Palestine: Beyond the Wall

Posted January 17, 2013 by Megan Eileen McDonough in Under the Radar

Shrouded in mystery, the land of Palestine has always been a big unknown. We go behind the barriers to find a world of ancient culture, history, and unspoken strength.

By Megan Eileen McDonough | Originally published in WildJunket Magazine Issue 5 (Winter 2012)


sit statue-like, my eyes transfixed on the unnatural wall snaking through the distant Judean hills.

Approaching the unwelcoming concrete barrier dividing Israel and Palestine, I stiffen as the security officer asks for my identification. While he looks over my passport, my driver, Anas, turns around in his seat and begins sharing his story with me.

“I was born in Israel but I am Palestinian, which makes things a bit tricky” he says with a humorous indifference. “Neither can grant me an official passport so I was issued one from Jordan, which is why I can drive to both Israel and Palestine without difficulty.”

Casually explaining his complicated citizenship status as if it makes perfect sense, I can’t help but note how different his reality is from mine.

As my time in Palestine unfolds, I will slowly become acquainted with a far more civilized nation than what I expected to find. Despite the conflict and unrest that is so often associated with this region, the state is filled with many sites of religious and historical importance – that a world far too absorbed by the other end of Palestine has yet to notice.

Gaza, a region Palestine is notorious for, remains off-limits to visitors. But I’m in the West Bank, a hilly region that surrounds the northern and southern reaches of Jerusalem. In spite of the headlines, I can hardly sense any danger in sight.

As Anas steers our car away from the checkpoint, my mind races with questions about the land beyond the wall.

Religious Rebirth

After chatting with Anas on lighter topics for the rest of our drive, he points to a man just outside the Church of the Nativity in old-world Bethlehem. While Palestine is primarily a Muslim territory, the majority of tourists who visit each year are Christian, due to Bethlehem’s significance within the Bible. This famed stone basilica is just one of the sites that draws them here.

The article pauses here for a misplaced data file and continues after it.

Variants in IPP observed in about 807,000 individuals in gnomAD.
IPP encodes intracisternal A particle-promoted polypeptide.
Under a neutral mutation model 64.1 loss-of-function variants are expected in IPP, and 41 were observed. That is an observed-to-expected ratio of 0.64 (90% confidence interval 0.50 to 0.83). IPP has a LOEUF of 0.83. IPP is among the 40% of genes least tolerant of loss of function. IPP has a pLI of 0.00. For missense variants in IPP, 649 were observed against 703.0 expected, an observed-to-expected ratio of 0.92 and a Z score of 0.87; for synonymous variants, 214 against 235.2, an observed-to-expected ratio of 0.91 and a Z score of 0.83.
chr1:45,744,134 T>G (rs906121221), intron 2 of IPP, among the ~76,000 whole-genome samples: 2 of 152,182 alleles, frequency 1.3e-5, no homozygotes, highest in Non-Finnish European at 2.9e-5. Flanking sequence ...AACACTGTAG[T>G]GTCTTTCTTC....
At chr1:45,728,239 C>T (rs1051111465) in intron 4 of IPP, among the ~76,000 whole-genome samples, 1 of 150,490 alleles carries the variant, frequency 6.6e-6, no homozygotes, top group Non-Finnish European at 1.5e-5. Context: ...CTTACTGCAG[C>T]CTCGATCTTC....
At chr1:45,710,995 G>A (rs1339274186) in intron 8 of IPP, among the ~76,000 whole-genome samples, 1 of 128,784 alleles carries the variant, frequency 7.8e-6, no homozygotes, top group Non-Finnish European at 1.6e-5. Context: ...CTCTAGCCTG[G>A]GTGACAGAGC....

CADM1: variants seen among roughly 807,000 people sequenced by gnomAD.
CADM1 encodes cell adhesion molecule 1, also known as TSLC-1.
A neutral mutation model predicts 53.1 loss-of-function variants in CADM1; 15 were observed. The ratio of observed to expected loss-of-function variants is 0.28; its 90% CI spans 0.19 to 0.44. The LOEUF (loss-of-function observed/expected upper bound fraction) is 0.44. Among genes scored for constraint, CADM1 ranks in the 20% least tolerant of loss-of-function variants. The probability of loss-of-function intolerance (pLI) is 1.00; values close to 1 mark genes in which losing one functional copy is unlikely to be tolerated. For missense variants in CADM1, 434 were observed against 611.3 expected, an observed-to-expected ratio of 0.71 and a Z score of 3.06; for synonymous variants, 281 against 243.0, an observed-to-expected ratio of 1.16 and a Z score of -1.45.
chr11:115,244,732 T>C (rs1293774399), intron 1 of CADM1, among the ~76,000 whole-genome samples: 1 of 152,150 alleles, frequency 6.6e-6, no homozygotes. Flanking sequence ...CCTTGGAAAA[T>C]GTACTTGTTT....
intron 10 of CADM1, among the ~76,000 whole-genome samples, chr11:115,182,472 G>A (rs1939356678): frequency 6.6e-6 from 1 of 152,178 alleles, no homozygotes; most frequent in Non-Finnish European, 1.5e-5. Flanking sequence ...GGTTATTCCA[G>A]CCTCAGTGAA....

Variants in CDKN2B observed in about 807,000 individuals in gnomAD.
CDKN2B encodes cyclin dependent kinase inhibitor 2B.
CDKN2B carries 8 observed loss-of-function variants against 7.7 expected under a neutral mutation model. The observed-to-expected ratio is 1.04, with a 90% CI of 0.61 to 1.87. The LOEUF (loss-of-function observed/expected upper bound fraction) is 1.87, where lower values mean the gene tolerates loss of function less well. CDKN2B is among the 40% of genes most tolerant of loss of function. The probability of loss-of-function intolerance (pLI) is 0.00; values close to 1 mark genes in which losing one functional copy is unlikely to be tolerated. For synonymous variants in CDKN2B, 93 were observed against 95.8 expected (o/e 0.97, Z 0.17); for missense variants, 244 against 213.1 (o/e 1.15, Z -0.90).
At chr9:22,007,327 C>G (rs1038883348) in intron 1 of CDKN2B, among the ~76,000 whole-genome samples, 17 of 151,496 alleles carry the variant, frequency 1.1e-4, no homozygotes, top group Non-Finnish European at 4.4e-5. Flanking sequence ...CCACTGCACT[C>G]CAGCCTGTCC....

Anas introduces the man to me as my local Palestinian guide, Abu. Despite his intense stare, Abu’s quiet personality and polite nature effortlessly soften his outward shell. As soon as we reach the church, he leads me through the small entrance, also known as the “Door of Humility,” as its low design ensures that every visitor has to dismount his horse or cart in order to enter.

“As my time in Palestine unfolds, I will slowly become acquainted with a far more civilized nation than what I expected to find.”

With my own head bowed, I enter and gaze up at the grand altar, and faded mosaic tiles that cover the floor. Considered the oldest church still active today, the historical site is also home to the underground Grotto of the Nativity, the believed birthplace of Jesus.

After a few minutes with Abu, it’s clear he knows this place like the back of his hand. There is a carefree confidence he carries with each step. As I marvel at the two rows of stone pillars stretching from the floor to the high ceiling, Abu’s comfort and ease lessen their intimidating architectural appearance. He confidently signals for me to follow his descent into the cave, where Armenian priests recite their morning prayers. As I stand in silence, with only the priests’ melodic chants ringing softly in my ears, I find myself unable to move.

Local Living

Upon leaving the Church of the Nativity, Abu suggests we browse through Bethelehem’s local food market. As we walk up the short stone steps illuminated by the day’s intensifying heat, he stops every few paces, conspicuously handing coins to beggars crossing our path. Abu’s kindness catches me off guard, prompting me to question why I didn’t act similarly.